Colorado sees rise in superintendent turnovers in pandemic
DENVER (AP) — Three of the largest school districts in Colorado are searching for superintendents, a pattern experts have said reflects nationwide trends over who will manage parent expectations and teacher concerns amid shrinking budgets exacerbated by the pandemic.
Denver Public Schools, Jeffco Public Schools and Douglas County School District have all begun a search for a new superintendent, The Denver Post reported. Denver Public Schools Superintendent Susana Cordova was the most recent to resign earlier this month.
“There is no doubt about it that there has been a significant rise in the number of superintendents that are retiring, resigning or just leaving their post. And that’s without doubt due to the pandemic and the tremendous pressure that they’re working under,” American Association of School Administrators Executive Director Dan Domenech said. “It’s a tough job.”
Schools have faced staffing challenges, enrollment declines in teacher preparation programs and employee retainment issues, officials said. Colorado Association of School Executives Executive Director Bret Miles said the biggest challenge this year is how or whether to reopen schools.
District plans for in-person, hybrid or remote learning have changed monthly and sometimes weekly as superintendents and public health officials continually assess the risk associated with COVID-19.
The number of infections is thought to be far higher because many people have not been tested, and studies suggest people can be infected with the virus without feeling sick.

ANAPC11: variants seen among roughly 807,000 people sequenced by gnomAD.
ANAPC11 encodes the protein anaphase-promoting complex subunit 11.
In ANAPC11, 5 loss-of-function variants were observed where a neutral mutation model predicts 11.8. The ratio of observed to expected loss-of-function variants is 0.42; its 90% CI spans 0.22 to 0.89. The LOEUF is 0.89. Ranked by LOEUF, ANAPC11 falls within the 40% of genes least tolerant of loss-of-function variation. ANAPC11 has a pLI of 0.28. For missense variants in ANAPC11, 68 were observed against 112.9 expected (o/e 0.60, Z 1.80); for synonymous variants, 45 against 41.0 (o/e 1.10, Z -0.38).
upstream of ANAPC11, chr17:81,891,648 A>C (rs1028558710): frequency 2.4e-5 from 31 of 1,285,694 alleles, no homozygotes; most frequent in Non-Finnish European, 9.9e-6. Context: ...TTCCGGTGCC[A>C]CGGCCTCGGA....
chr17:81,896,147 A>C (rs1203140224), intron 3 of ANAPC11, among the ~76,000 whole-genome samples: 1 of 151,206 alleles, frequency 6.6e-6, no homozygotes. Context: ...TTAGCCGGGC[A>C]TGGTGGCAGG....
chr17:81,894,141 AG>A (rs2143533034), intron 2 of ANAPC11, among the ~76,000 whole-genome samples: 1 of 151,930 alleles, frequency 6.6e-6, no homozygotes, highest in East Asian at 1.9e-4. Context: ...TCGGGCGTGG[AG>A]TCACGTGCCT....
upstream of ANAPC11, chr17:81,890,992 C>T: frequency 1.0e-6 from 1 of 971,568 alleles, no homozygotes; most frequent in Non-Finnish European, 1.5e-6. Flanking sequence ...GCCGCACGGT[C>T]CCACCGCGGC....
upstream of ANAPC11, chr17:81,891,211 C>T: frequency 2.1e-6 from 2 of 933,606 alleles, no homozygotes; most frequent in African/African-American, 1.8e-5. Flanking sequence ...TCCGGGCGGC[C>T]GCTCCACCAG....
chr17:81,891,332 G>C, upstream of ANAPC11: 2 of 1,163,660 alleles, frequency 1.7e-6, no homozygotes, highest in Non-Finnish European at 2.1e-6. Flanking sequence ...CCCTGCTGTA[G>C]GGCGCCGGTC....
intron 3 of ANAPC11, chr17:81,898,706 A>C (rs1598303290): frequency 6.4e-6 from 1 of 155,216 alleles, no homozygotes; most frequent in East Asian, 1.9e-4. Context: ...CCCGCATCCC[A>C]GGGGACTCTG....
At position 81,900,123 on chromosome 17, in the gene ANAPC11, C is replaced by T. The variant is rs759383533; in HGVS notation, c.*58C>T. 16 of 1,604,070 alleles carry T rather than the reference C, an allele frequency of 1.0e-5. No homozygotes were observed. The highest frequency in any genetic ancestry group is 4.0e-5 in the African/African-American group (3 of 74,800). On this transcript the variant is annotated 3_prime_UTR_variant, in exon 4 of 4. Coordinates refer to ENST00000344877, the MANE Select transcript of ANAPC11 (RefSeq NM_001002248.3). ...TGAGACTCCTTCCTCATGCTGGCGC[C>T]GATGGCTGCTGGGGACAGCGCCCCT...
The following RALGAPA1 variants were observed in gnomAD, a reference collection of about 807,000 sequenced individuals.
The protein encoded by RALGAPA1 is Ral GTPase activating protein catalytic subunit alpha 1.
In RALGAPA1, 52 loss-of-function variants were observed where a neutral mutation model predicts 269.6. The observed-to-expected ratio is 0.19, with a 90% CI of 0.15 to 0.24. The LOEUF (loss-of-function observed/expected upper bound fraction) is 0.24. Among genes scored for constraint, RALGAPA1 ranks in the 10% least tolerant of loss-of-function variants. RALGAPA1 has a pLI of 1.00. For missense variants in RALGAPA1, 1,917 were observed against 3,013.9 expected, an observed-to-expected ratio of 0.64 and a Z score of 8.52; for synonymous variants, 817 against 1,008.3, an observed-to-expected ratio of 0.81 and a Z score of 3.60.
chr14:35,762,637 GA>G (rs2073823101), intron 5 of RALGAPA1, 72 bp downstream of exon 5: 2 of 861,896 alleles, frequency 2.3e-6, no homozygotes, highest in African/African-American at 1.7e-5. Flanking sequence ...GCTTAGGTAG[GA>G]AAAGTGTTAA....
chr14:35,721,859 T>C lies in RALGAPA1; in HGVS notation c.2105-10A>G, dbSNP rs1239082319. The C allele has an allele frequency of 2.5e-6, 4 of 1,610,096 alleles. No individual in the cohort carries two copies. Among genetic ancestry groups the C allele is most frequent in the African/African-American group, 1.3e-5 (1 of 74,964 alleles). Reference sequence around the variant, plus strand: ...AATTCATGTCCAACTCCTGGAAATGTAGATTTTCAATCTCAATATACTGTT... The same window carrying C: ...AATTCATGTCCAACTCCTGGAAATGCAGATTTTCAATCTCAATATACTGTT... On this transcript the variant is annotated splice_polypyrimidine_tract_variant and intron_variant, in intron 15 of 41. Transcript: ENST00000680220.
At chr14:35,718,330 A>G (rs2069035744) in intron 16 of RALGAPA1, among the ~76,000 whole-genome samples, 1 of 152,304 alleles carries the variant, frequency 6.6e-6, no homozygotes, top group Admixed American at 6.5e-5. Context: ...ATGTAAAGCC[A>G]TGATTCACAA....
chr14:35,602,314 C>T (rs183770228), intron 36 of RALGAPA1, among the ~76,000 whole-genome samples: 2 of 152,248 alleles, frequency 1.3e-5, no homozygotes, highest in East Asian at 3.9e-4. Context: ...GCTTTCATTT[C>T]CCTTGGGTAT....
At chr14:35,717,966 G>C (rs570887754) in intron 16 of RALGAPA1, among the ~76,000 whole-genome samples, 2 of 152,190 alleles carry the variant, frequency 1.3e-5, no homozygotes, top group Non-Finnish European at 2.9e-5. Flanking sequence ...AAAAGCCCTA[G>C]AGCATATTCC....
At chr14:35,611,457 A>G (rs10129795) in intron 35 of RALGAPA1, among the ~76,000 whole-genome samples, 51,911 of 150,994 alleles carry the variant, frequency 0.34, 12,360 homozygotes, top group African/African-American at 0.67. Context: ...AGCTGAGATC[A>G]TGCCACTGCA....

For most people, the new coronavirus causes mild or moderate symptoms, such as fever and cough that clear up in two to three weeks. For some — especially older adults and people with existing health problems — it can cause more severe illness, including pneumonia, and death.
“The divides that our superintendents have faced have been unique compared to other business leaders because school is so personal,” Miles said. “Whether or not we should be making adjustments for COVID, or that it’s a hoax or that it’s scary — that divide in the communities has also been exhausting.”
Miles considers the superintendents’ resignations as coincidence and said he is more concerned about turnover in the spring.
The National Association of Secondary School Principals conducted a survey in August of more than 1,000 principals in the U.S. and found that 45% are considering or have sped up plans to leave the profession. According to the survey, about 5% said they decided to leave as soon as possible because of working conditions imposed by the pandemic.
“I’m concerned about it through all of our levels. I think we are going to see more teacher retirements this year than typical. We saw some teachers just not come back in the fall, too,” Miles said. “We could see a real stress on the system of people ready to walk away.”